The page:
But God gives me what I need, not necessarily what I want.

What I need is to learn dependence on God. Sadly, it’s easier for me to trust Him for my eternal salvation in Christ—my eternal destiny—than it is to trust Him in the physical trials of life.

According to Psalm 119:105, God gives just enough direction to move forward with dependence on Him. And coincidentally, that’s what prompts trust, which just happens to be my “one word” for the year.

Conversations with friends have shown me I’m not alone in wanting to know what lies around the bend next month…next year…next decade. And actually, isn’t that the reason people flock to fortune tellers, read horoscopes, and visit palm readers?

We’re under the illusion that if we know what’s coming, somehow we can control it. As if a certain level of control will solve all our problems. But the biggest problem is that control is, itself, an illusion. We can’t control the weather, the culture, or how other people respond to us.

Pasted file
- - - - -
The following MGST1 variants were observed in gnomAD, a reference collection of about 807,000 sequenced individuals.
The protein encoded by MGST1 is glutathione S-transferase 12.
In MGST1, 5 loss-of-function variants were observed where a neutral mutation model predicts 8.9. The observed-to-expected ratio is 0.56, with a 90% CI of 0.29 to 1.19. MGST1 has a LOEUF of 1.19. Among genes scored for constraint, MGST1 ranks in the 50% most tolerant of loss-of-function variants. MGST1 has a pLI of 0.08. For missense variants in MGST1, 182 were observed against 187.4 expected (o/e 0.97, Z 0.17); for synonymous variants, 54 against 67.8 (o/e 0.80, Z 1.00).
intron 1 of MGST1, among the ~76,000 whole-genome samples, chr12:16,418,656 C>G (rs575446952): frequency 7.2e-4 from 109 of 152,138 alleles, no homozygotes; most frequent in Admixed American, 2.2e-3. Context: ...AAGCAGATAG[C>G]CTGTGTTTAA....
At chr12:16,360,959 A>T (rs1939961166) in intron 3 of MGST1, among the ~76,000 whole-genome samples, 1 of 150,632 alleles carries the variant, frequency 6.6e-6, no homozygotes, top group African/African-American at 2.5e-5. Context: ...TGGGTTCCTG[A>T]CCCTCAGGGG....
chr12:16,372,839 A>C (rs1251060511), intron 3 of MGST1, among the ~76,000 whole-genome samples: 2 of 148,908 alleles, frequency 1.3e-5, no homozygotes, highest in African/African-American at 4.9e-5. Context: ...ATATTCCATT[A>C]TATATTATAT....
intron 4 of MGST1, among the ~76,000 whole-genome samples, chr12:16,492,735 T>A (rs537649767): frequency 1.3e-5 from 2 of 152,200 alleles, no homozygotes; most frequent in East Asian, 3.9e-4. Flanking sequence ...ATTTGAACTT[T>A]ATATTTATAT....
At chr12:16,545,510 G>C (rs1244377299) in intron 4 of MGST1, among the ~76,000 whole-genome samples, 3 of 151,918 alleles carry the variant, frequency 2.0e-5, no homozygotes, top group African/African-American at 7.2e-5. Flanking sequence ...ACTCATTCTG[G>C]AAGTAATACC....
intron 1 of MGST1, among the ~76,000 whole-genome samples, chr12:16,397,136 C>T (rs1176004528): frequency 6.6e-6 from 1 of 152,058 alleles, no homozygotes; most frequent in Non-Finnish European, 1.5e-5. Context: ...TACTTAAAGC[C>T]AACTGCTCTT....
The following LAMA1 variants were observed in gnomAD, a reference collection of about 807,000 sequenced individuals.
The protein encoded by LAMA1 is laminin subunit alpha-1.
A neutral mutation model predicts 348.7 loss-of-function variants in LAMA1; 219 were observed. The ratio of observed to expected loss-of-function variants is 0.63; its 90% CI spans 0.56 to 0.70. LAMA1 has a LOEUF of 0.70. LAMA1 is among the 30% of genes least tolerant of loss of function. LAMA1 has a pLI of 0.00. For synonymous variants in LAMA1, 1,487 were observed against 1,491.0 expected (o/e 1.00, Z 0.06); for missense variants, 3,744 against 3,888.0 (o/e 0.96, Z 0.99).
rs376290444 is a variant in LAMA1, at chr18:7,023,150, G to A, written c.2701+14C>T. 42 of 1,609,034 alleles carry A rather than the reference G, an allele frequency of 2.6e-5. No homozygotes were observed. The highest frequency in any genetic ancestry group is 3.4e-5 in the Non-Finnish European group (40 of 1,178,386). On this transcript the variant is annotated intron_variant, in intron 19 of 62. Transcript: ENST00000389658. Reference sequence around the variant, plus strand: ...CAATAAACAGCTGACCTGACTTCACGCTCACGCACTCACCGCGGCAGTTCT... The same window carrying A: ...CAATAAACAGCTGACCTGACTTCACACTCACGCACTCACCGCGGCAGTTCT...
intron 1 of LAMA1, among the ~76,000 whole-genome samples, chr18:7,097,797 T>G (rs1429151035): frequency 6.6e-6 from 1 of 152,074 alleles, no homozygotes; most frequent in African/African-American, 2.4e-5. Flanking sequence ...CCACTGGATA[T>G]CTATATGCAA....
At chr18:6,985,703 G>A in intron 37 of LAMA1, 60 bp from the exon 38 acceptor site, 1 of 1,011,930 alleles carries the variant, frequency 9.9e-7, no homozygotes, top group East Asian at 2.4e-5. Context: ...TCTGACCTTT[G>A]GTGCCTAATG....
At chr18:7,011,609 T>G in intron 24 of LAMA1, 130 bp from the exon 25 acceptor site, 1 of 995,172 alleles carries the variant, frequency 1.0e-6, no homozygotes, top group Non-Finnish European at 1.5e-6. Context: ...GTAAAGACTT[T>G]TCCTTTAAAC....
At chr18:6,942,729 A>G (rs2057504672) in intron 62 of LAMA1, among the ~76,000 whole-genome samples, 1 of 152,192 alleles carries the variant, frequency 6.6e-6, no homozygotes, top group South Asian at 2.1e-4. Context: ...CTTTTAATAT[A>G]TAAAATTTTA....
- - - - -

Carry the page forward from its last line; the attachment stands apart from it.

And to make matters worse, most of us aren’t even successful controlling ourselves!

Ever lost your temper? Said something you wish you could take back? Or maybe not said something you wish you had?

Control may be what we want, but dependence is what we need. Dependence on the One who created us and sustains us if we run to Him. Trusting that if God has given us all we need in Christ for our eternal relationship to be restored, surely He can be trusted for the here and now.

The Father has restored us through the sacrifice of His Son, Jesus, and the Son has left us His Spirit, equipping us to grow in our intimacy with Him and to live a life pleasing to Him.

In short, He has already given us everything we need. So why does that not seem to be enough?

Perhaps it’s because, deep down, we’re afraid to trust. Afraid God doesn’t define good the way we do. Let’s face it, we define good as what we want: people and possessions. But God defines good as the people and processes He uses to make us more like Him.

Part of that process is cultivating trust. And trust is cultivated with just enough light for one step at a time.

Like I said…my favorite—and least favorite—verse!

What is your favorite or least favorite Bible verse? Why?


One Word for 2019
Trust